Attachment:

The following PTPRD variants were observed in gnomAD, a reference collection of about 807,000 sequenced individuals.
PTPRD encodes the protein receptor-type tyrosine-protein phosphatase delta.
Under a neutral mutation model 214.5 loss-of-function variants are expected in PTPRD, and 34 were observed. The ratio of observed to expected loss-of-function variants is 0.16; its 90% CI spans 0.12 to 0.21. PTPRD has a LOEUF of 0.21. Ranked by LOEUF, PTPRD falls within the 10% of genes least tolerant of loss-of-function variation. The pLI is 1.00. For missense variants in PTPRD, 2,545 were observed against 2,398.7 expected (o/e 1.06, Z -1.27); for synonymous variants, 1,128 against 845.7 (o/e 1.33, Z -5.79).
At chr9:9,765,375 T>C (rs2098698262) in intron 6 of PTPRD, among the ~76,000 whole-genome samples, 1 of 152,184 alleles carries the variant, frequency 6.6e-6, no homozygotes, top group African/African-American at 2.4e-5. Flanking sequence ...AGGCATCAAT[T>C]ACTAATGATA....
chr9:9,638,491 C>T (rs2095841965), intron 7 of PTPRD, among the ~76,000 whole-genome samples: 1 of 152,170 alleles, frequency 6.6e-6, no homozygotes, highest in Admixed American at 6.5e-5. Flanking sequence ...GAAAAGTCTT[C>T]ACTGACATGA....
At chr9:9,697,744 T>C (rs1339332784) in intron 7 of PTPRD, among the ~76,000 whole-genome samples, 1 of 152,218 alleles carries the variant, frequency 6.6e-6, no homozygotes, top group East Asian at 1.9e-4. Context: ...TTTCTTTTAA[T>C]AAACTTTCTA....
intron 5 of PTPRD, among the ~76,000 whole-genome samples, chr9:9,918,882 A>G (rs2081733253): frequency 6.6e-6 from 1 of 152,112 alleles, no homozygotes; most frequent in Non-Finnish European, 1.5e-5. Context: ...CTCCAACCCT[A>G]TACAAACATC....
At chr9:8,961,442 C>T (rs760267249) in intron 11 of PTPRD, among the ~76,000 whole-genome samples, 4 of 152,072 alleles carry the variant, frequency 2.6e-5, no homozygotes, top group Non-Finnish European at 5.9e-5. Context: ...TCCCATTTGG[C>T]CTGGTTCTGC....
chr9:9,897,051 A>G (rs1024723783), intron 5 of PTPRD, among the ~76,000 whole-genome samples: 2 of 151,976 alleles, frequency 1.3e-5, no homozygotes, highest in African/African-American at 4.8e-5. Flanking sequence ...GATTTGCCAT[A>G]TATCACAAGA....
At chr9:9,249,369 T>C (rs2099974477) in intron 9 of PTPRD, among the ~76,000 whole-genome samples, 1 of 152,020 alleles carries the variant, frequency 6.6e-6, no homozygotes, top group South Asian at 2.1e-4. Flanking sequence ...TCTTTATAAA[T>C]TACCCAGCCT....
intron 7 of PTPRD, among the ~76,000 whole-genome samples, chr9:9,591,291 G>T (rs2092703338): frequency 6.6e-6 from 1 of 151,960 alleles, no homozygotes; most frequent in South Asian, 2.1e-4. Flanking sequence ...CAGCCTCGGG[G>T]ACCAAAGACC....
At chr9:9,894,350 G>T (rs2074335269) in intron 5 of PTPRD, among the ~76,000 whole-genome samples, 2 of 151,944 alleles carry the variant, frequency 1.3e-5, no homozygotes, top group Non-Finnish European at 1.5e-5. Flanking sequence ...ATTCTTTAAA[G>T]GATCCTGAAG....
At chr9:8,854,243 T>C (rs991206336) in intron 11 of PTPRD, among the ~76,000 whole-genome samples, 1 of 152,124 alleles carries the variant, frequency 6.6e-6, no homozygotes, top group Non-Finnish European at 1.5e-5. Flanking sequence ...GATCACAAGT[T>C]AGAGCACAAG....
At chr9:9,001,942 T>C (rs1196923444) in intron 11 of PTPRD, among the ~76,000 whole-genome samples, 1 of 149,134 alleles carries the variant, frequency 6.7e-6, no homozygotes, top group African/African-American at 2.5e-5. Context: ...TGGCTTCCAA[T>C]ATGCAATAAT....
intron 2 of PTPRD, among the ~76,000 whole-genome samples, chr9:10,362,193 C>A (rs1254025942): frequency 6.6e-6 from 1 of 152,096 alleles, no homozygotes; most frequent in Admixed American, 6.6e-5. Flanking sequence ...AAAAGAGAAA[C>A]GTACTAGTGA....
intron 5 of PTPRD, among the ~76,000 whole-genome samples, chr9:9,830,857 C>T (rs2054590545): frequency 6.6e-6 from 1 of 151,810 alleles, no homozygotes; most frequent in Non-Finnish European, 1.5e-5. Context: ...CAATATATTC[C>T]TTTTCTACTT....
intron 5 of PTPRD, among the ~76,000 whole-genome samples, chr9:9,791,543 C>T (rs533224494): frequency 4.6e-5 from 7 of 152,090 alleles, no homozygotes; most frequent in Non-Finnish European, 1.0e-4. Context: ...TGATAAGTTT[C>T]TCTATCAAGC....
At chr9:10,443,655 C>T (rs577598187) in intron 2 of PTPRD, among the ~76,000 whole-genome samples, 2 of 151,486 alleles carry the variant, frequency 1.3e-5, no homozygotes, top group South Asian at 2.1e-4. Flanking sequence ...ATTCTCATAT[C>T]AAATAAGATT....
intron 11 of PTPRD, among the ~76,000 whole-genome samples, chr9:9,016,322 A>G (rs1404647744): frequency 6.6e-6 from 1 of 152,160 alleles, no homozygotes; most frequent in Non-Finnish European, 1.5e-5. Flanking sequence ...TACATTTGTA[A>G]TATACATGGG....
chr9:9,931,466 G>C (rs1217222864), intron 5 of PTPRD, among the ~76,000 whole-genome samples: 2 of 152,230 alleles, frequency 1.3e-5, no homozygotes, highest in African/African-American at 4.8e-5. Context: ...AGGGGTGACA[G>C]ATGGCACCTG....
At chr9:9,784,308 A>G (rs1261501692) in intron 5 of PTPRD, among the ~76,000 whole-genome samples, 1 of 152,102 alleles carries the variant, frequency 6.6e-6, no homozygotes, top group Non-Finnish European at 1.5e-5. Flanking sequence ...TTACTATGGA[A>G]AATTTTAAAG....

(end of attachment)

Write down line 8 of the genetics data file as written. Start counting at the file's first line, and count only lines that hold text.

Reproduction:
At chr9:8,961,442 C>T (rs760267249) in intron 11 of PTPRD, among the ~76,000 whole-genome samples, 4 of 152,072 alleles carry the variant, frequency 2.6e-5, no homozygotes, top group Non-Finnish European at 5.9e-5. Context: ...TCCCATTTGG[C>T]CTGGTTCTGC....